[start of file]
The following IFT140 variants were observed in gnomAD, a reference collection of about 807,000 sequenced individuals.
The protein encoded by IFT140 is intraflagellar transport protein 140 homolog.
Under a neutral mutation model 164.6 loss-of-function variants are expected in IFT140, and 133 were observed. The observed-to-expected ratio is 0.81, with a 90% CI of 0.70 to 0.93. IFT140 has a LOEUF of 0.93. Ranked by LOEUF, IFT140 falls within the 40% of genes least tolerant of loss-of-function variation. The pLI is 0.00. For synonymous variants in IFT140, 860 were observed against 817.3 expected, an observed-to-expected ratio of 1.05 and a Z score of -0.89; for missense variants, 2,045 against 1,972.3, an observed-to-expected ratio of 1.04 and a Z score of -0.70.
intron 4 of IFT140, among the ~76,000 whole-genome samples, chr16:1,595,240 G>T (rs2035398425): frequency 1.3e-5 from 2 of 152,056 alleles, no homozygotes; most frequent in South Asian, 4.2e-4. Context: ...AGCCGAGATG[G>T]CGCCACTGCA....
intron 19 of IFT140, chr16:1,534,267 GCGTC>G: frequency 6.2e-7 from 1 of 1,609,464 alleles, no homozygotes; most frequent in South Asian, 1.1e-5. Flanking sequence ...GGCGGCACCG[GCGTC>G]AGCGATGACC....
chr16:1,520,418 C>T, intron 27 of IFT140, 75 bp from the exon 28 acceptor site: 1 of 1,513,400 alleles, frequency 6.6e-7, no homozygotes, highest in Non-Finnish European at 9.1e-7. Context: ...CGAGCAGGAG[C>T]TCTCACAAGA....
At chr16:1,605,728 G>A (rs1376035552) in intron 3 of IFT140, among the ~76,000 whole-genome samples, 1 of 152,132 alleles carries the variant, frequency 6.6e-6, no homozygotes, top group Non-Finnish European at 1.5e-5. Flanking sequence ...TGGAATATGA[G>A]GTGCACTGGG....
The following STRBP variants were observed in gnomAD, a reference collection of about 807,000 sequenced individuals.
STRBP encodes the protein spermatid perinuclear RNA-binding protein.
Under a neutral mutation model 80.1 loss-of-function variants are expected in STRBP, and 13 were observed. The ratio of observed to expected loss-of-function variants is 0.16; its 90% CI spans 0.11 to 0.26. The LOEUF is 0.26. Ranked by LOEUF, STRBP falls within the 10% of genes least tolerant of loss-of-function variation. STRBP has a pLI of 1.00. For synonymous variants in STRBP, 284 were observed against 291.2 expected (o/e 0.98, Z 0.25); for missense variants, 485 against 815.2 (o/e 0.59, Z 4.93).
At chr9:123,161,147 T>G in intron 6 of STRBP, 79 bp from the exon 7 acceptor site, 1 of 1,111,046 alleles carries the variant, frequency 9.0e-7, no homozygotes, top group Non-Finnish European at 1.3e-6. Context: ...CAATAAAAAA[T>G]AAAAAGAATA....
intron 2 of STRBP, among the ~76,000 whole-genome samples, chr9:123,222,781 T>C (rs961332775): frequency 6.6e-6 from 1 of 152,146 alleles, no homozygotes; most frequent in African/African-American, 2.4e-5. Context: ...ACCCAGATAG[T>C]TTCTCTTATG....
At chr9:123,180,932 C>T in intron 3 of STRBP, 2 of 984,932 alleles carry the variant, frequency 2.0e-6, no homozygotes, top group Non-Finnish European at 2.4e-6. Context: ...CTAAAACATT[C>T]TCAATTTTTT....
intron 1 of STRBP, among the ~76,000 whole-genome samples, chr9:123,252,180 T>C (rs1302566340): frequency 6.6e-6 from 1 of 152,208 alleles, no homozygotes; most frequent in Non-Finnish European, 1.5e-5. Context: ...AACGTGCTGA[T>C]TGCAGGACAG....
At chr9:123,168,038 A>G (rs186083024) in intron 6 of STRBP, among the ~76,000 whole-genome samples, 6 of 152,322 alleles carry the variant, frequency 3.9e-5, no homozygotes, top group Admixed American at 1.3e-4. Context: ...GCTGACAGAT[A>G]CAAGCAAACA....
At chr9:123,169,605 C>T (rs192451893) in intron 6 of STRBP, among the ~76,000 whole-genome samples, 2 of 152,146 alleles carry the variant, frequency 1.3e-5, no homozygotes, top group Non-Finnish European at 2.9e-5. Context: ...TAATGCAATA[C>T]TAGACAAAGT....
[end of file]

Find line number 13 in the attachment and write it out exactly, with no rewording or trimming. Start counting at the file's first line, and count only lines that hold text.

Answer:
At chr9:123,180,932 C>T in intron 3 of STRBP, 2 of 984,932 alleles carry the variant, frequency 2.0e-6, no homozygotes, top group Non-Finnish European at 2.4e-6. Context: ...CTAAAACATT[C>T]TCAATTTTTT....